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Mac Miller brings hip-hop to all-ages crowd in Arcata

Mac Miller IN Arcta
If You Go

What: Mac Miller “The Incredibly Dope Tour”

Where: Arcata Vets Hall 1425 J St., Arcata

When: 7:30 p.m. Thursday

Admission: $18 pre-sale, $20 door

‘Incredibly dope’

Jewish teen rapper Mac Miller brings hip-hop to all-ages crowd in Arcata

Hip-hop artist Mac Miller turns 19 on Tuesday and has already accomplished more in the music industry than many people twice his age.

The Pittsburgh Jewish-American Miller, who was born Malcolm McCormick, has been writing and performing music since he was 15 and this week, makes his California debut with the ‘Incredibly Dope’ tour.

Miller spoke via telephone with the Tri-City Weekly while taking a break from recording tracks in a New York studio.

There’s excitement in his voice talking about his music. He sprinkles his conversation with expletives and pays respect to those who came before him. He laughs when he starts talking about “the old days” before he got started in rap music — about three years ago.

Miller’s current two-month tour is his longest run so far and his first performing on the West Coast.

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He makes a stop in Arcata on Thursday to perform an all-ages show with openers Swisher Streets from San Diego at the Arcata Veteran’s Hall.

Things have been happening quickly for Miller, who signed with Rostrum Records in August 2010 and released his popular Internet mixtape, “K.I.D.S.” Songs like “Kool Aid and Frozen Pizza,” and “Knock Knock” have contributed to Miller’s music videos garnering more than 10 million hits on YouTube. His newest album, “Best Day Ever,” is due out this year.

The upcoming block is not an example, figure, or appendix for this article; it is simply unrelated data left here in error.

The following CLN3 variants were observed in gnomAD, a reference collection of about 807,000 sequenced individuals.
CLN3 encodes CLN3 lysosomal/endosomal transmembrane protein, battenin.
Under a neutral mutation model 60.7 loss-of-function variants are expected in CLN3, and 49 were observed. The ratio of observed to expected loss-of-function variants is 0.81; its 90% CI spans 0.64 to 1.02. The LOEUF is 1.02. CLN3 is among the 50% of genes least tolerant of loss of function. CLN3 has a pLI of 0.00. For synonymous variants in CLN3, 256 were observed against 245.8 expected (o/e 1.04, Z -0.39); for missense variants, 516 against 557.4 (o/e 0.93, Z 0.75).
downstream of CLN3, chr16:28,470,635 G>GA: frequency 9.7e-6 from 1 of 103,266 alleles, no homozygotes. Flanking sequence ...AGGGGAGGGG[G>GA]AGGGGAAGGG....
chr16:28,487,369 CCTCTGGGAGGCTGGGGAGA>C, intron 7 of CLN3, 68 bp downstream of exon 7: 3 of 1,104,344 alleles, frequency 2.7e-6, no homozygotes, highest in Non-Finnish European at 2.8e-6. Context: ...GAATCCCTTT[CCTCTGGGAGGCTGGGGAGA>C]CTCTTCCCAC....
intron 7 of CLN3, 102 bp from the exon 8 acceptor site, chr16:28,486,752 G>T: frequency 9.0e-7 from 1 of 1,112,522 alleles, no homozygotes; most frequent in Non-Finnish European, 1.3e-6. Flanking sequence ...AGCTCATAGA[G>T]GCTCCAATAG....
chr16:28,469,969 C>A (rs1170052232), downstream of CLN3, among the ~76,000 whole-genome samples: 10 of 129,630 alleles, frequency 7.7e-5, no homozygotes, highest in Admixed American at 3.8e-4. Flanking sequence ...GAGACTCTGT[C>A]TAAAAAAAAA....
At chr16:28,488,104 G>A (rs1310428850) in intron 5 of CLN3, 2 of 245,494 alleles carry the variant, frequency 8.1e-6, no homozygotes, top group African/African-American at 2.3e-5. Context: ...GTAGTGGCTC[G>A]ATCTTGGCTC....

The hip-hop star said he has his own “crib” in Pittsburgh with some “homies.” He said being younger than most artists has not deterred him from working in the music business. He cites Wiz Khalifa, a Rostrum Records labelmate, as a hip-hop mentor and homie.

”I wouldn’t like to call myself mature, but all my homies have been older than me my whole life. I kinda am that little ass annoying kid. At the same time I chill and make music. I’ve had to bust it out to be accepted.”

Miller’s lyrics relay stories of him growing up in Pittsburgh, making mischief with friends and selling marijuana.

”Now, I don’t sell weed anymore, I sell music,” Miller said. “At a time, hell yeah — me and my homies were some idiots. That’s not the way you have to go to be cool. Everything is more positive with music. Being able to have music as my career is the best thing that’s ever happened to me.”

Although legally Miller isn’t of age to walk into a bar and get a drink, he has performed for many 21-and-up venues in Pittsburgh. He said most clubs would tell him to get in, perform his songs and get out.

So far, Miller said he has taken the challenges he faces in the music industry as positive learning experiences.

”Driving with my homies in the car for two weeks (on tour) and not killing each other was a challenge,” he said. “I’ve been real lucky though, working hard — a lot of stuff doesn’t get me down.”

Miller said his parents have always been supportive of him pursuing his passion, but they didn’t understand how much he wanted music as a career. His grades weren’t the best and he used to get called out of class every day for writing music instead of taking notes. He said he hasn’t ruled out college and he might pursue it in the future.

”I would love to go to college and study something that I know I am really interested in — maybe later in life. For now, there’s nothing in the world that can take me away from my dedication to music.”